Take the 2-minute tour ×
Stack Overflow is a question and answer site for professional and enthusiast programmers. It's 100% free, no registration required.

I want to select a subset of tds from a table.

I know before hand what the indexes are, but they are effectively random (not odd or even indexes, etc).

For instance say I want to select the 0th, 5th and 9th td.

indexesToSelect = [0, 5, 9];

// 1) this selects the one by one
$('table td').eq(0)
$('table td').eq(5)
$('table td').eq(9)


// 2)this selects them as a group (with underscore / lodash)
var $myIndexes = $();

_.forEach(indexesToSelect, function (idx) {
    $myIndexes = $myIndexes.add($('table td').eq(idx));
});

So (2) works and I am using that, but I wonder if there is a more natural way using jQuery.

Something like passing .eq() an array of indexes? (that doesn't work)

// does not work
$('table td').eq([0, 5, 9])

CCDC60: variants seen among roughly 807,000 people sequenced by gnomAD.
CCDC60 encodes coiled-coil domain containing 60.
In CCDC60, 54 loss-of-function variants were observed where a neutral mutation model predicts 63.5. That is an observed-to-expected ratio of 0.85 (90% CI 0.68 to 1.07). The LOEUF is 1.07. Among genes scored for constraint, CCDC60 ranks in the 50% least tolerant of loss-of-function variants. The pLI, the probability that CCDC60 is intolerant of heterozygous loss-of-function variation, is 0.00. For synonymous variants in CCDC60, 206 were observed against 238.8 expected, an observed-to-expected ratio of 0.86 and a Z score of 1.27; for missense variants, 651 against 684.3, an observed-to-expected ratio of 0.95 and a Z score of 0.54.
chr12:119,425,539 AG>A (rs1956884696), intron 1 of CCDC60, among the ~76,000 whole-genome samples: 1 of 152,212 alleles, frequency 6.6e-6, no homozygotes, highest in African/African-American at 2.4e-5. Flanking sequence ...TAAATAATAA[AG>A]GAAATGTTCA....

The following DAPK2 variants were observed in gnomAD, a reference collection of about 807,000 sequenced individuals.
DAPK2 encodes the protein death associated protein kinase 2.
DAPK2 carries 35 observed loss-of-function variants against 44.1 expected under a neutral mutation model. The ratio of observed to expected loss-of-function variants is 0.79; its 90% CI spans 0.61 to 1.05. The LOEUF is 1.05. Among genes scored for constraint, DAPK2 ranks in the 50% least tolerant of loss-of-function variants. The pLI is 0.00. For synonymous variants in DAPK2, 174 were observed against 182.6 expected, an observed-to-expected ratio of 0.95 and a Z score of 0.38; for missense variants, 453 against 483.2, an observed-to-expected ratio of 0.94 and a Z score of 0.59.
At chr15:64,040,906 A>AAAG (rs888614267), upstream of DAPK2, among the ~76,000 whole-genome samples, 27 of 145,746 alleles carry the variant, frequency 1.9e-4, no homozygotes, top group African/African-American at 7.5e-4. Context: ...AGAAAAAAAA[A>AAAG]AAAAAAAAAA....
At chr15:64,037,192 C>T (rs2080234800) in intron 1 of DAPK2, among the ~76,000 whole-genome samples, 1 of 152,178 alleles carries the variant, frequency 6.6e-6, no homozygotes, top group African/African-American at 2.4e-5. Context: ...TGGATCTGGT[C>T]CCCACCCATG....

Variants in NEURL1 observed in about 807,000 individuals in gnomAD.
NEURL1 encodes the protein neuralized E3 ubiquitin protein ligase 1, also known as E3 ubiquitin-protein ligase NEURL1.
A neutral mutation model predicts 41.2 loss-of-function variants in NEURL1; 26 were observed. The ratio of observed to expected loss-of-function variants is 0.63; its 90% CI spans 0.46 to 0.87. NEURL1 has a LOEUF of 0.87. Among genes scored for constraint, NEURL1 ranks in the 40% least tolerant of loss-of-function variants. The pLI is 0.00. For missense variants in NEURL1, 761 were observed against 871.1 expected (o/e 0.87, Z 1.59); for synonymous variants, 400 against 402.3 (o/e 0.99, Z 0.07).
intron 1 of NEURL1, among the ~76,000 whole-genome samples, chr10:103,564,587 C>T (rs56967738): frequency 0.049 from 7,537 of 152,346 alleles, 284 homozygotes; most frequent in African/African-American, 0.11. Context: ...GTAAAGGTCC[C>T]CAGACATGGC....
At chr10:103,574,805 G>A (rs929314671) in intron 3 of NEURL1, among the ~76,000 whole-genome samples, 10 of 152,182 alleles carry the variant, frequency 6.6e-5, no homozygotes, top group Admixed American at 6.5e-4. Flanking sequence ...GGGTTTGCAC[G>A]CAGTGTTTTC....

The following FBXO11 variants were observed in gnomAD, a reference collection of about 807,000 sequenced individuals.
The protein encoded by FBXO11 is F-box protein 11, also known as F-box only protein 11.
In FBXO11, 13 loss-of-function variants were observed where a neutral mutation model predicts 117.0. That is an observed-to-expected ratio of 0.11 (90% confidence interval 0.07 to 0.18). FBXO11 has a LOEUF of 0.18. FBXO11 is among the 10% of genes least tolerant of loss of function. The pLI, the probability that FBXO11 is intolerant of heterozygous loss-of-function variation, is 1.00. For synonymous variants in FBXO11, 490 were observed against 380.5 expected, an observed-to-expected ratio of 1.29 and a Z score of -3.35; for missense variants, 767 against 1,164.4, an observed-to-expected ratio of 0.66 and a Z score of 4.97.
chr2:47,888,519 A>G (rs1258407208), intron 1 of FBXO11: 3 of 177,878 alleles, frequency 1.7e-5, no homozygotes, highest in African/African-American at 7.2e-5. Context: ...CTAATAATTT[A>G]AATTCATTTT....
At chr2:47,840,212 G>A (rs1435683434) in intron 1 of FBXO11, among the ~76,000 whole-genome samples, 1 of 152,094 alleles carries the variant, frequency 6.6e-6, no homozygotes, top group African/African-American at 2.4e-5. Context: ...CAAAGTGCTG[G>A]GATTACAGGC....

If not I will write a small plugin for something like .eqMulti(array).

note: there is no class that these tds share exclusively, so selecting based on class won't work.

share|improve this question

3 Answers 3

up vote 12 down vote accepted

I'd do it with .filter() and $.inArray():

var elements = $("table td").filter(function(i) {
    return $.inArray(i, indexesToSelect) > -1;
});

Another [more ugly] way is mapping to a selector:

var elements = $($.map(indexesToSelect, function(i) {
    return "td:eq(" + i + ")";
}).join(","), "table");
share|improve this answer
    
I think first one is quite handsome. –  Jai Apr 25 '13 at 11:18
    
Filter looks like what I want, thanks. –  Sean Apr 25 '13 at 11:51

I wrapped VisioN's filter method into a jQuery plugin:

$.fn.eqAnyOf = function (arrayOfIndexes) {
    return this.filter(function(i) {
        return $.inArray(i, arrayOfIndexes) > -1;
    });
};

So now usage is nice and clean:

var $tds = $('table td').eqAnyOf([1, 5, 9]);
share|improve this answer
    
Nice! Worked a treat in my new project. –  AshHimself Sep 10 at 11:40

try this

   $('table td:eq(0), table td:eq(5), table td:eq(9)')
share|improve this answer
    
Well, this will do it, but the array of indexes I want is not constant. It would need a function to translate the array into a string like the one you give here. But, for known indexes this is good. –  Sean Apr 25 '13 at 11:53

Your Answer

 
discard

By posting your answer, you agree to the privacy policy and terms of service.

Not the answer you're looking for? Browse other questions tagged or ask your own question.